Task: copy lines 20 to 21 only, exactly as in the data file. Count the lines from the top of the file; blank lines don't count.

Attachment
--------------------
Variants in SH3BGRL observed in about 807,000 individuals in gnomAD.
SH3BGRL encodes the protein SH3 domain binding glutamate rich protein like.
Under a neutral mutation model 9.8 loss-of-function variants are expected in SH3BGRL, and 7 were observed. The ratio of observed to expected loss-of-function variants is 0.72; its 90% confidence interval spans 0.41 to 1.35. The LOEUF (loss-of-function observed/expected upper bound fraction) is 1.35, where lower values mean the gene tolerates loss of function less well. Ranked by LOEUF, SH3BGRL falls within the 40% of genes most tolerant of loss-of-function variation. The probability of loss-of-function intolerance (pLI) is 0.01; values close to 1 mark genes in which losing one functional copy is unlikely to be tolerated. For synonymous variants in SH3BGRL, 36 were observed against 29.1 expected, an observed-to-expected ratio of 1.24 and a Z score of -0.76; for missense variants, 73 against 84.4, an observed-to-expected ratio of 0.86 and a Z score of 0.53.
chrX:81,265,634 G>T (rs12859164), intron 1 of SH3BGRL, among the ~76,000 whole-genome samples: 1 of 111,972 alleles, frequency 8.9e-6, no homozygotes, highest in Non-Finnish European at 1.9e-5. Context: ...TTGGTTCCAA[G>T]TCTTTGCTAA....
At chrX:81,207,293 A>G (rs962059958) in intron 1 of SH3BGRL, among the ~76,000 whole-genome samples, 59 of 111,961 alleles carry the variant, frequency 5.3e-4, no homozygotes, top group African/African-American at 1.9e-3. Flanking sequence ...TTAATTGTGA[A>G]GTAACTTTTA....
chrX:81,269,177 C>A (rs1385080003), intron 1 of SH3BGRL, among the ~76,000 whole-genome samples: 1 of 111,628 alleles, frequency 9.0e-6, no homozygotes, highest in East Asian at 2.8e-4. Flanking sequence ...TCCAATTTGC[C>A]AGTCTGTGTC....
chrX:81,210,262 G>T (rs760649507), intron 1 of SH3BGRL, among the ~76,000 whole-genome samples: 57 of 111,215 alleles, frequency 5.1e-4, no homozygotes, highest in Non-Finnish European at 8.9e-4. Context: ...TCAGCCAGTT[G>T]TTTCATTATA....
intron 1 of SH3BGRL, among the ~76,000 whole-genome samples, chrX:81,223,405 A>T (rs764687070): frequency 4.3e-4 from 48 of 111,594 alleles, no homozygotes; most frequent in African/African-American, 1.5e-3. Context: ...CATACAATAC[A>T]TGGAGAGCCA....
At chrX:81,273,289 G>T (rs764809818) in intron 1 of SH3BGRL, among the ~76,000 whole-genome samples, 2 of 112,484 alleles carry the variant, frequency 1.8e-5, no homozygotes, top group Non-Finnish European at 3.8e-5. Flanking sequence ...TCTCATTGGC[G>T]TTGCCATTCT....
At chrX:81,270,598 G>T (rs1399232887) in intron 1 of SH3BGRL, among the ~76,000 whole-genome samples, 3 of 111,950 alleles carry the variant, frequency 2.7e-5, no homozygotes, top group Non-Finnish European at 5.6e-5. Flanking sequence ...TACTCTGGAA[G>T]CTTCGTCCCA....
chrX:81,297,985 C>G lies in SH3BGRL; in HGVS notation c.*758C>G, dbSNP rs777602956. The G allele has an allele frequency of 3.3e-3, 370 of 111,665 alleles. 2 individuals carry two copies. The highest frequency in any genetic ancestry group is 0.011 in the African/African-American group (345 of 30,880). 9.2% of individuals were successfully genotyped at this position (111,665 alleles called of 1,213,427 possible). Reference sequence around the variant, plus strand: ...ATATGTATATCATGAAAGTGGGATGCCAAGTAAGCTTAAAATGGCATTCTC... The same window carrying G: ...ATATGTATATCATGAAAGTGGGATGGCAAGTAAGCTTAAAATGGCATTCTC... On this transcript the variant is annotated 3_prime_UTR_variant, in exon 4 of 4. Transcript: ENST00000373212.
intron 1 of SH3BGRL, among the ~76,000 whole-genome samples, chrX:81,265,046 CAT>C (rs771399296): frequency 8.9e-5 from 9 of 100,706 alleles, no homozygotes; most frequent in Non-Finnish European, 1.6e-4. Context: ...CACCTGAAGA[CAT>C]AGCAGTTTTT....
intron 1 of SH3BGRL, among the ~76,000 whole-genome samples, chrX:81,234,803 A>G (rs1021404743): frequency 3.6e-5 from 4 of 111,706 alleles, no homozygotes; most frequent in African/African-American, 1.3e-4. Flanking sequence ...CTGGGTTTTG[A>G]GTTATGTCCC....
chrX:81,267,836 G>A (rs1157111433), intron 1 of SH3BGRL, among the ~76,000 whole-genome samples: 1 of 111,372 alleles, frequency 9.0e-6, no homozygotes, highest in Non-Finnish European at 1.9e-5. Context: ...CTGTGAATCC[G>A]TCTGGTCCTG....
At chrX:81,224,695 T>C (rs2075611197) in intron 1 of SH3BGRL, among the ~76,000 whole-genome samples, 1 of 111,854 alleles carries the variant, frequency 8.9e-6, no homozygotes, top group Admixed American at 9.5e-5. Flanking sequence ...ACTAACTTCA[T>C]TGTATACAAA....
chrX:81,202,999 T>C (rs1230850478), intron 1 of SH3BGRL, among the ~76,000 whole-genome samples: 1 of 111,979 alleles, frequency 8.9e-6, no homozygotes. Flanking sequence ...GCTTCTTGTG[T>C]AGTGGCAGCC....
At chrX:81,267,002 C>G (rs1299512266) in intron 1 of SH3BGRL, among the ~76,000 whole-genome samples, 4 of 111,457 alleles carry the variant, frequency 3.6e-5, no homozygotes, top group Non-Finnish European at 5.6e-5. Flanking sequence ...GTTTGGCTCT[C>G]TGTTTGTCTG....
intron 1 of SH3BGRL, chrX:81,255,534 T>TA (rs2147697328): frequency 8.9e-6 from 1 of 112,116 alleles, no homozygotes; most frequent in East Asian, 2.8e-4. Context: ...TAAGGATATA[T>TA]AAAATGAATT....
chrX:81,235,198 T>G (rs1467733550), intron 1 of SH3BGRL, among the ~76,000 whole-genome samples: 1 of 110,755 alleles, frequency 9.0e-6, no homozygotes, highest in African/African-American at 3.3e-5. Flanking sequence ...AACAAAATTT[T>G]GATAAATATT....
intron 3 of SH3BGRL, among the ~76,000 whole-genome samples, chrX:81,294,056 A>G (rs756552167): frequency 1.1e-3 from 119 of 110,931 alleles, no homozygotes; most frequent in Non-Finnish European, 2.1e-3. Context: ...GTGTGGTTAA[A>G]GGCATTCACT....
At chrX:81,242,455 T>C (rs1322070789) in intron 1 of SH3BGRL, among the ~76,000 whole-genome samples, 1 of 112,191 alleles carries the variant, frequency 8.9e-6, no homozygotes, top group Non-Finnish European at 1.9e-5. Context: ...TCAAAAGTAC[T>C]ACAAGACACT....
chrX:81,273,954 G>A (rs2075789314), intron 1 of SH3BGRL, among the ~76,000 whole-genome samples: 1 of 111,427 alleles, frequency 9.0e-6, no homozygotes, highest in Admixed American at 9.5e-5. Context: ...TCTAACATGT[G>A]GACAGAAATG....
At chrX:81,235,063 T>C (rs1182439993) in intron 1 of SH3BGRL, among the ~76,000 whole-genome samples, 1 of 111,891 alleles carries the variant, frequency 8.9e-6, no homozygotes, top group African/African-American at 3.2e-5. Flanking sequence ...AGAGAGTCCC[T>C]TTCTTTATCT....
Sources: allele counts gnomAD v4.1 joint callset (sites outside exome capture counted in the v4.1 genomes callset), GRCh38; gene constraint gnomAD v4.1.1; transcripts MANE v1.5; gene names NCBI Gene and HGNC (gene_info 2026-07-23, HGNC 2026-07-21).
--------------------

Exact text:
intron 3 of SH3BGRL, among the ~76,000 whole-genome samples, chrX:81,294,056 A>G (rs756552167): frequency 1.1e-3 from 119 of 110,931 alleles, no homozygotes; most frequent in Non-Finnish European, 2.1e-3. Context: ...GTGTGGTTAA[A>G]GGCATTCACT....
At chrX:81,242,455 T>C (rs1322070789) in intron 1 of SH3BGRL, among the ~76,000 whole-genome samples, 1 of 112,191 alleles carries the variant, frequency 8.9e-6, no homozygotes, top group Non-Finnish European at 1.9e-5. Context: ...TCAAAAGTAC[T>C]ACAAGACACT....